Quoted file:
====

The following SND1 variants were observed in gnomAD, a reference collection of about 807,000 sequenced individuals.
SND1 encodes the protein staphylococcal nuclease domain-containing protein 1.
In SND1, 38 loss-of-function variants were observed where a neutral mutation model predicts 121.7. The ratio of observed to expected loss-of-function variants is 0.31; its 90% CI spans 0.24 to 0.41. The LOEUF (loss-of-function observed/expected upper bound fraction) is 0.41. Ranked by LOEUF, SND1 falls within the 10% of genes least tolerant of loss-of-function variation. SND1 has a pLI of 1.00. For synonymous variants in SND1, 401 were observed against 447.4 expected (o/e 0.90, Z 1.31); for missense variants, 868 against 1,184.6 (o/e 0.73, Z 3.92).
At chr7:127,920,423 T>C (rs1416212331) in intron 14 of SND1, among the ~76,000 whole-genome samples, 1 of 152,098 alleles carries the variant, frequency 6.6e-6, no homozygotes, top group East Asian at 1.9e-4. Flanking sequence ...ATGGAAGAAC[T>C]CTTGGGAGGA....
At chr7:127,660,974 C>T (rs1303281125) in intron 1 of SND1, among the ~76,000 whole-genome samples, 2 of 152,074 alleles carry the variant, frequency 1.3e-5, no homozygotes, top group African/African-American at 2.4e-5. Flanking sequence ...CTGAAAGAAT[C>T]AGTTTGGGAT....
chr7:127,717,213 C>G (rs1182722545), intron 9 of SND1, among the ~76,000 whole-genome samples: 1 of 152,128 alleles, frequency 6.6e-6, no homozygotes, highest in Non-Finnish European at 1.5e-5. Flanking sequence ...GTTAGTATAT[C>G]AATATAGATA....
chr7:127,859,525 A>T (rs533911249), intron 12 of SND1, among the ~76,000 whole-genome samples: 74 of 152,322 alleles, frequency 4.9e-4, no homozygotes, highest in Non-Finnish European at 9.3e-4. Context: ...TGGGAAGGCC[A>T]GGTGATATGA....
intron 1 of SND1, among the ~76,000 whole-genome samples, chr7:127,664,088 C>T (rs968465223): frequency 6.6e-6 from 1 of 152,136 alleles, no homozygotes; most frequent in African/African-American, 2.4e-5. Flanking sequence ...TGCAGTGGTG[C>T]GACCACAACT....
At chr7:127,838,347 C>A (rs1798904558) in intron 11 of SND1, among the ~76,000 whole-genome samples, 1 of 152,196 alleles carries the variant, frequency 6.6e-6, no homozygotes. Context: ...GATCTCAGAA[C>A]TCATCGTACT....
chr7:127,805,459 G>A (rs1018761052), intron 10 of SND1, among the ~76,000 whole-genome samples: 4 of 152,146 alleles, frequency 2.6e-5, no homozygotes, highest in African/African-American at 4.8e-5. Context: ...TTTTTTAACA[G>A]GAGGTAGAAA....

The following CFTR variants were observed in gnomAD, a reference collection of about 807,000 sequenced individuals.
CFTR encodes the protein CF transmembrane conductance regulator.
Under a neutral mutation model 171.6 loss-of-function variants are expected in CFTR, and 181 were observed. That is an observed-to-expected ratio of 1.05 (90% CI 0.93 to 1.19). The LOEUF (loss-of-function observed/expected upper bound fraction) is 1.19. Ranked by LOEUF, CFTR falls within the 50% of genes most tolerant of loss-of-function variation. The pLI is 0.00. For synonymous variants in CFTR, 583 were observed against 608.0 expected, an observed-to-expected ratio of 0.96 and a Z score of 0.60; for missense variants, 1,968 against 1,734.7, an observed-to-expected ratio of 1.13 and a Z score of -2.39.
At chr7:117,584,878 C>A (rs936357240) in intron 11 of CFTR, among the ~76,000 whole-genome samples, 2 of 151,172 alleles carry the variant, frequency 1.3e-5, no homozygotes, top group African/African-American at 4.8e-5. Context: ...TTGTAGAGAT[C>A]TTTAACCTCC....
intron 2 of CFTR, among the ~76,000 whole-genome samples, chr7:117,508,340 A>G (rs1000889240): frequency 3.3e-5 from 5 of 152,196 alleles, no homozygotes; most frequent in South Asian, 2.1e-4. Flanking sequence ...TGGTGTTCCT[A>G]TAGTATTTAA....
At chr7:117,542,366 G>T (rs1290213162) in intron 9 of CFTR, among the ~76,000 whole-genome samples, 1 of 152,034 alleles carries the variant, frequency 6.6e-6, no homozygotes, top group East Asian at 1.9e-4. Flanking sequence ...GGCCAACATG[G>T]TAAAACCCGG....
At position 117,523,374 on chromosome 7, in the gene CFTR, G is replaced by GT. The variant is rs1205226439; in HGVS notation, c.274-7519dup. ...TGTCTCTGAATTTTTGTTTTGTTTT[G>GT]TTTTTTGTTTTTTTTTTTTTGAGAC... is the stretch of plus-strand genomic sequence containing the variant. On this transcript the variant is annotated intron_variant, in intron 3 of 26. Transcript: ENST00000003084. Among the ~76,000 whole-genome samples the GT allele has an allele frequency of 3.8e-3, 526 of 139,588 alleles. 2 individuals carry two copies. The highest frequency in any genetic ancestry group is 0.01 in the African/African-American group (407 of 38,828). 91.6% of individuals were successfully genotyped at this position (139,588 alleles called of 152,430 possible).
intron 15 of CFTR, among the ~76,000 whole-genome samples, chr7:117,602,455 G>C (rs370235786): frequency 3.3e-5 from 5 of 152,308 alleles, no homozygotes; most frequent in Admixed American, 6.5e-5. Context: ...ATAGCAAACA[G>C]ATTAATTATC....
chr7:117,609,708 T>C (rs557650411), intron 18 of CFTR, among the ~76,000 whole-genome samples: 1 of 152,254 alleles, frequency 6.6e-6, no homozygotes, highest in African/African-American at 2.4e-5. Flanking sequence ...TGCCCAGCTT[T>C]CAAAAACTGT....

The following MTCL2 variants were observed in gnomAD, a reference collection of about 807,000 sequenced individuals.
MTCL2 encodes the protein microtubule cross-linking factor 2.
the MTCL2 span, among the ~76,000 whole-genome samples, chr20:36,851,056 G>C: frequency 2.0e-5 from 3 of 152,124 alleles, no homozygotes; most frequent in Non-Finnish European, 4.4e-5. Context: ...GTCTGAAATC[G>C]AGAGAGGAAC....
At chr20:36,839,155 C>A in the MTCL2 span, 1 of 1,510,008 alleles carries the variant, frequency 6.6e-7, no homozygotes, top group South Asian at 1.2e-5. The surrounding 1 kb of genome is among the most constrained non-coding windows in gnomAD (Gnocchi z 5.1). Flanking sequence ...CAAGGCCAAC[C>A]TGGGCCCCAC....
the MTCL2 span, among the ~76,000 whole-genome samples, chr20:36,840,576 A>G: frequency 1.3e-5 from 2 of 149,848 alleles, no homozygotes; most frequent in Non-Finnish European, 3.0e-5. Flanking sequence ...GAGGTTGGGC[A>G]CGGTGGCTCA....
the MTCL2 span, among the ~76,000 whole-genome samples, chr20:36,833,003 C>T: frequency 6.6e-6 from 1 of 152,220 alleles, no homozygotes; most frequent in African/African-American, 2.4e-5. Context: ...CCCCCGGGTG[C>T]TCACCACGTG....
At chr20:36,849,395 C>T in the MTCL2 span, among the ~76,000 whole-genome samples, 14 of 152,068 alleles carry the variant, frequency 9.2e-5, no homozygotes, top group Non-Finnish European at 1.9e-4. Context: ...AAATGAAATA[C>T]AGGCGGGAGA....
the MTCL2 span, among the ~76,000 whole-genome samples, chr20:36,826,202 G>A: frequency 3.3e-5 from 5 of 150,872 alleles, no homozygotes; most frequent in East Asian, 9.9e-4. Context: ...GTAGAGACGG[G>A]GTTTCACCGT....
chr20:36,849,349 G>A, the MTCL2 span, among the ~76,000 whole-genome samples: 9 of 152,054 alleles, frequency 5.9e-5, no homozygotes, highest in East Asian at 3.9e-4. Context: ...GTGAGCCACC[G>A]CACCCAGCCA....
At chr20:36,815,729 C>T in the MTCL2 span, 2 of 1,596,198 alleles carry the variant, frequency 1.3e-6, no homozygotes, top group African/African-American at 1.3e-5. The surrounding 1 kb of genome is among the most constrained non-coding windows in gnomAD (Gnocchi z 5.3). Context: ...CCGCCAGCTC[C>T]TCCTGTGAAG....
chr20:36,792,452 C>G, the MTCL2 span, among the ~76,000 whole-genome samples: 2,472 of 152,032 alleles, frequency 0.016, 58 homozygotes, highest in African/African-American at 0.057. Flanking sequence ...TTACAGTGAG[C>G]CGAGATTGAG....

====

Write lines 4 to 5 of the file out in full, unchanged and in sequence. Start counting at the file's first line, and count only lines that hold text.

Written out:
At chr7:127,920,423 T>C (rs1416212331) in intron 14 of SND1, among the ~76,000 whole-genome samples, 1 of 152,098 alleles carries the variant, frequency 6.6e-6, no homozygotes, top group East Asian at 1.9e-4. Flanking sequence ...ATGGAAGAAC[T>C]CTTGGGAGGA....
At chr7:127,660,974 C>T (rs1303281125) in intron 1 of SND1, among the ~76,000 whole-genome samples, 2 of 152,074 alleles carry the variant, frequency 1.3e-5, no homozygotes, top group African/African-American at 2.4e-5. Flanking sequence ...CTGAAAGAAT[C>T]AGTTTGGGAT....